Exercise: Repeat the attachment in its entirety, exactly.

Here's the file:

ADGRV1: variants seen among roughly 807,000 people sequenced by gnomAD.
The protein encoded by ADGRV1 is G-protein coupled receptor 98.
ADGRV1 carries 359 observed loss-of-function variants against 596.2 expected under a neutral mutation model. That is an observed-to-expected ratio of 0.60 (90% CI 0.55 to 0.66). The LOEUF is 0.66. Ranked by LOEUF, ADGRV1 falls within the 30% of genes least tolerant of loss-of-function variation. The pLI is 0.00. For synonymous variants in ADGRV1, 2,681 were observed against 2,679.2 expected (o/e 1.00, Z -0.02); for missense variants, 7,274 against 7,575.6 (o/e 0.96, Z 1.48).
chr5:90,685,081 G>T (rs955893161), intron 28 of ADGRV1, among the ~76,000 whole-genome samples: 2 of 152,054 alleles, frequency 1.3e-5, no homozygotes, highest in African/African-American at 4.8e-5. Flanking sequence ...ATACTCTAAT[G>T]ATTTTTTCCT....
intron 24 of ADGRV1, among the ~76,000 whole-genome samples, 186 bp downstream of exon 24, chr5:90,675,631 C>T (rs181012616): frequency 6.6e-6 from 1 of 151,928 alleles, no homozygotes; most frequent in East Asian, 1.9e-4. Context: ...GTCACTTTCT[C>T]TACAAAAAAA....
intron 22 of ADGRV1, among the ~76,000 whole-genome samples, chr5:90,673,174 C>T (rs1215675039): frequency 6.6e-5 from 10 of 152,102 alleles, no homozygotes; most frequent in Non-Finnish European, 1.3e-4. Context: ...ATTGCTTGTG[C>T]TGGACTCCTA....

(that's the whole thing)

ADGRV1: variants seen among roughly 807,000 people sequenced by gnomAD.
The protein encoded by ADGRV1 is G-protein coupled receptor 98.
ADGRV1 carries 359 observed loss-of-function variants against 596.2 expected under a neutral mutation model. That is an observed-to-expected ratio of 0.60 (90% CI 0.55 to 0.66). The LOEUF is 0.66. Ranked by LOEUF, ADGRV1 falls within the 30% of genes least tolerant of loss-of-function variation. The pLI is 0.00. For synonymous variants in ADGRV1, 2,681 were observed against 2,679.2 expected (o/e 1.00, Z -0.02); for missense variants, 7,274 against 7,575.6 (o/e 0.96, Z 1.48).
chr5:90,685,081 G>T (rs955893161), intron 28 of ADGRV1, among the ~76,000 whole-genome samples: 2 of 152,054 alleles, frequency 1.3e-5, no homozygotes, highest in African/African-American at 4.8e-5. Flanking sequence ...ATACTCTAAT[G>T]ATTTTTTCCT....
intron 24 of ADGRV1, among the ~76,000 whole-genome samples, 186 bp downstream of exon 24, chr5:90,675,631 C>T (rs181012616): frequency 6.6e-6 from 1 of 151,928 alleles, no homozygotes; most frequent in East Asian, 1.9e-4. Context: ...GTCACTTTCT[C>T]TACAAAAAAA....
intron 22 of ADGRV1, among the ~76,000 whole-genome samples, chr5:90,673,174 C>T (rs1215675039): frequency 6.6e-5 from 10 of 152,102 alleles, no homozygotes; most frequent in Non-Finnish European, 1.3e-4. Context: ...ATTGCTTGTG[C>T]TGGACTCCTA....